A great deal has been written on how children learn to speak, but development of language comprehension has been a relatively neglected topic. This book is unique in integrating research in language acquisition, psycholinguistics and neuropsychology to give a comprehensive picture of the process we call "comprehension", right from the reception of an acoustic stimulus at the ear, up to the point where we interpret the message the speaker intended to convey by the utterance. A major theme of the book is that "comprehension" is not a unitary skill: to understand spoken language, one needs the ability to classify incoming speech sounds, to relate them to a "mental lexicon", to interpret the propositions encoded by word order and grammatical inflections, and to use information from the environmental and social context to select, from a wide range of possible interpretations, the one that was intended by the speaker. Furthermore, although neuropsychological and experimental research on adult comprehension can provide useful concepts and methods for assessing comprehension, they should be applied with caution, because a sequential, bottom-up information processing model of comprehension is ill-suited to the developmental context. The emphasis of the book is on children with specific language impairments, but normal development is also given extensive coverage. The focus is on research and theory, rather than practical matters of assessment and intervention. Nevertheless, while this book is not intended as a clinical guide to assessment, it does aim to provide a theoretical framework that can help clinicians develop a clearer understanding of what comprehension involves, and how different types of difficulty may be pinpointed.
Developmental Language Disorders: From Phenotypes to Etiologies is based on the recent conference of the same name sponsored by the Merrill Advanced Studies Center of the University of Kansas. In the past 10 years, considerable advances have taken place in our understanding of genetic and environmental influences on language disorders in children. Significant research in behavioral phenotypes, associated neurocortical processes, and the genetics of language disorders has laid the foundation for further breakthroughs in understanding the reasons for overlapping etiologies, as well as the unique aspects of some phenotypes. Too often the findings are disseminated in a fragmented way because of the discrete diagnostic categories of affectedness. This volume attempts to assimilate and integrate the findings of the transdisciplinary research toward a more coherent picture of behavioral descriptions, brain imaging studies, genetics, and intervention technologies in language impairment. The contributing authors are all scholars with active programs of research funded by the National Institutes of Health involving diverse clinical groups of children with language impairments.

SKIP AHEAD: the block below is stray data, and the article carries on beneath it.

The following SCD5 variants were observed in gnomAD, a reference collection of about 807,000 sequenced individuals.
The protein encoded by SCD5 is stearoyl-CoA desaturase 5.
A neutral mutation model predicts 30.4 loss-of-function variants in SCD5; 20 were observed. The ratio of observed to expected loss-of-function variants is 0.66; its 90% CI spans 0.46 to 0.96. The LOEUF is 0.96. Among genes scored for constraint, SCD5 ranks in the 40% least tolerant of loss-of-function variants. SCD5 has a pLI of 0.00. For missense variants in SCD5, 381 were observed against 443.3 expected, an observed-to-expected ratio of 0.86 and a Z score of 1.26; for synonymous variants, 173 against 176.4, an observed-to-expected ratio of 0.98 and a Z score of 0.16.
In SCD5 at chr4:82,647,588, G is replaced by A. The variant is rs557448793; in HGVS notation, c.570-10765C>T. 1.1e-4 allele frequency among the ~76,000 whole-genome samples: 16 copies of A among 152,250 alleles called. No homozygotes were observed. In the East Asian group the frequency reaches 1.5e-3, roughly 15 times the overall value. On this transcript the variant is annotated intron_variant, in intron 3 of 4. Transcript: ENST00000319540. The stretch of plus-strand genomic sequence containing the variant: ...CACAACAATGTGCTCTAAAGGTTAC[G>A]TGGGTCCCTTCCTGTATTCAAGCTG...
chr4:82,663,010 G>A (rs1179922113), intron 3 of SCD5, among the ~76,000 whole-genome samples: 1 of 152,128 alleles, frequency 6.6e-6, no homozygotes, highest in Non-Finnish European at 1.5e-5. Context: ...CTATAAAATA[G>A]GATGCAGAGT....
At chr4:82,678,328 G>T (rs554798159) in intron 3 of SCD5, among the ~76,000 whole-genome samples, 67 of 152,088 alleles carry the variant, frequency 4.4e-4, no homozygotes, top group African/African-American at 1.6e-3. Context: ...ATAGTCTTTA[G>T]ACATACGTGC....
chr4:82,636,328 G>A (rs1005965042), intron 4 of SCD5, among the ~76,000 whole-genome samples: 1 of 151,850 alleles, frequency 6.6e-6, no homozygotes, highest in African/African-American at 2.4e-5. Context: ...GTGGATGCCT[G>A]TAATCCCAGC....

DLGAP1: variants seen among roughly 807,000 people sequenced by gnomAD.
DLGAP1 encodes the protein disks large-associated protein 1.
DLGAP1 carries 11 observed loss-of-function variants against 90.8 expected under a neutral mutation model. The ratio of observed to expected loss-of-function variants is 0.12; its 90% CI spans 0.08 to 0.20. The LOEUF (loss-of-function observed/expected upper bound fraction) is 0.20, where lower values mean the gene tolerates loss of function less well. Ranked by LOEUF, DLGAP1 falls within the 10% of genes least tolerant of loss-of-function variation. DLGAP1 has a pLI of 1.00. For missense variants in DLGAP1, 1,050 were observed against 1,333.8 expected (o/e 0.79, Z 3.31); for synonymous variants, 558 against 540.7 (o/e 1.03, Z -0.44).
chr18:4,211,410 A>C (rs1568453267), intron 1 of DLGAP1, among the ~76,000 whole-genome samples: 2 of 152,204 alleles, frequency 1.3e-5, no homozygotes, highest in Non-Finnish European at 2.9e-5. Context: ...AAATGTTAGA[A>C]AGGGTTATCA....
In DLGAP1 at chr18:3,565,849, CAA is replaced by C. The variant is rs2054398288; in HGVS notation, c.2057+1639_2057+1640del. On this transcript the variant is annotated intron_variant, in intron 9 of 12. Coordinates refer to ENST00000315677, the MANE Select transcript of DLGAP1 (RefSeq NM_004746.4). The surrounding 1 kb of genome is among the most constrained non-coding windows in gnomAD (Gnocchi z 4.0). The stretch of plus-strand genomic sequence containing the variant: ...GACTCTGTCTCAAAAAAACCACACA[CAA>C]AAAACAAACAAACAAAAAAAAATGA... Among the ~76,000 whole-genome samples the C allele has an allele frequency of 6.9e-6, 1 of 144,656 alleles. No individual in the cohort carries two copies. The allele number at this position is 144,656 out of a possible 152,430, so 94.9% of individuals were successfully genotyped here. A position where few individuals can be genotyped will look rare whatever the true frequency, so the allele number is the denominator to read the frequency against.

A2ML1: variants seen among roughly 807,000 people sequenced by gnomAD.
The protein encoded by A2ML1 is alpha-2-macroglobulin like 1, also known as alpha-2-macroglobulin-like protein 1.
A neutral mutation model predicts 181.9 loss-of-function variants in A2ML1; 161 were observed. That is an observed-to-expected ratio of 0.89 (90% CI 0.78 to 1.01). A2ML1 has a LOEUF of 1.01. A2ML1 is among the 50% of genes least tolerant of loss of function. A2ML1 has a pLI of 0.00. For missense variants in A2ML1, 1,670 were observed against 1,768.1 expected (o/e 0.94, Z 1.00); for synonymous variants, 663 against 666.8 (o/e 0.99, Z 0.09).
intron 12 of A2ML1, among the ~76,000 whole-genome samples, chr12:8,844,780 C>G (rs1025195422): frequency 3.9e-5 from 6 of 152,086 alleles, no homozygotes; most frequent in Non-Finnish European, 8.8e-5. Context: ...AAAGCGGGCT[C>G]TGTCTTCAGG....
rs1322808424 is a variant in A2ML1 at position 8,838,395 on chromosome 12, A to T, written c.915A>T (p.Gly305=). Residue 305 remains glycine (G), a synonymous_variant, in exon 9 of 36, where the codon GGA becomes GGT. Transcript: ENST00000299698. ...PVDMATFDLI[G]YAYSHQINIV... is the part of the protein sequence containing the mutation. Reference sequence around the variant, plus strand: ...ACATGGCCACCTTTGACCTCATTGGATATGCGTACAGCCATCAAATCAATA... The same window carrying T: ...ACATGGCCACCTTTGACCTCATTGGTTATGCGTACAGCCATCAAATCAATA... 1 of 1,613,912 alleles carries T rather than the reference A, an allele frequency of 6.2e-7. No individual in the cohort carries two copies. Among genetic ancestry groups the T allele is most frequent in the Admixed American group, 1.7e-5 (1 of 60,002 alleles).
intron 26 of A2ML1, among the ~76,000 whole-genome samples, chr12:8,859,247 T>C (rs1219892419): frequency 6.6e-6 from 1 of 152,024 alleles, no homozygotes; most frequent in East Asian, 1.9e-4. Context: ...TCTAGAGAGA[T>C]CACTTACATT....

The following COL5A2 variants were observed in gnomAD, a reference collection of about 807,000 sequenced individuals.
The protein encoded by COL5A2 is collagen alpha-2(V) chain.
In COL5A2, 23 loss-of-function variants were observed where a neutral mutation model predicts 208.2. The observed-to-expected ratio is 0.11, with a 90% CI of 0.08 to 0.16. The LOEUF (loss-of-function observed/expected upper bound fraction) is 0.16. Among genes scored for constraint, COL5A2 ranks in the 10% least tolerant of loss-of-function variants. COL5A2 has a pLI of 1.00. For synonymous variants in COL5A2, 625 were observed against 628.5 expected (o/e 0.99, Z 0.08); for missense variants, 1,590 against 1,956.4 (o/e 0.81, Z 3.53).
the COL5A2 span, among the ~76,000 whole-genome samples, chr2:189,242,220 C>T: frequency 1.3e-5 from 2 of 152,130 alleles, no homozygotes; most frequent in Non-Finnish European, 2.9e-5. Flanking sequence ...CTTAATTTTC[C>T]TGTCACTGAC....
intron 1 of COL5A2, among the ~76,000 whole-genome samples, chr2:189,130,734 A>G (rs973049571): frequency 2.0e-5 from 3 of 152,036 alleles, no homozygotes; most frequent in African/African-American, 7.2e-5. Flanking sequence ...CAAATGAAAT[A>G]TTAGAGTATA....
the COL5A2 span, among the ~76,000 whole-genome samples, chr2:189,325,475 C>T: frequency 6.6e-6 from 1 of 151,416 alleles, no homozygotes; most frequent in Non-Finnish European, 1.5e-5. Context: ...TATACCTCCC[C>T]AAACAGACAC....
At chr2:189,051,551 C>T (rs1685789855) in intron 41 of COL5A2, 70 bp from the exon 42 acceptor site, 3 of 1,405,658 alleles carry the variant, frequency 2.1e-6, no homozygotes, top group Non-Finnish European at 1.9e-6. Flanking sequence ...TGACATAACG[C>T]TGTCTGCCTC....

A volume in Research on Sociocultural Influences on Motivation and Learning Series Editor: Dennis M. McInerney, The Hong Kong Institute of Education Auditory processing disorders, reading and writing disorders, language disorders, and other related disorders - these disorders seem distinct among one another from historical and professional practice perspectives but more and more research suggests that they in fact overlap in many ways including clinical presentations, suspected underlying causes, diagnostic criteria, and re/habilitation strategies. On January 4-7, 2012, the conference Global Conference on Disorders in Auditory Processing, Literacy, Language & Related Sciences (APLL 2012) was held in The Hong Kong Institute of Education. This was the world's first platform for interdisciplinary discussions and collaborations on ways we can better serve children who suffer from the above closely related disorders through future research. Due to the huge success of APLL2012, to promote continuous discussions of the conference theme, the conference organizing committee decided to invite scholars, scientists, and practitioners to contribute their work to the eleventh volume in the Research on Sociocultural Influences on Motivation and Learning research monograph series. This volume is focused on issues in typical and disordered developments in auditory processing, literacy, and language across different cultural and linguistic contexts in Asia, Europe and North America. The contributors of this volume offer insightful theoretical and practical ideas to shape future directions in research, assessment, intervention, and education. This is an intriguing and inspiring volume for students, researchers, and practitioners in the fields of speech-language pathology, audiology, developmental psychology, educational psychology, neuropsychology, and other related disciplines. By bringing in respective leaders in the fields, we hope that this book will open new windows to promote advancements in related research initiatives, continuing cross disciplinary discussions and collaborations on ways that we can better service individuals suffer from these closely related disorders through future research.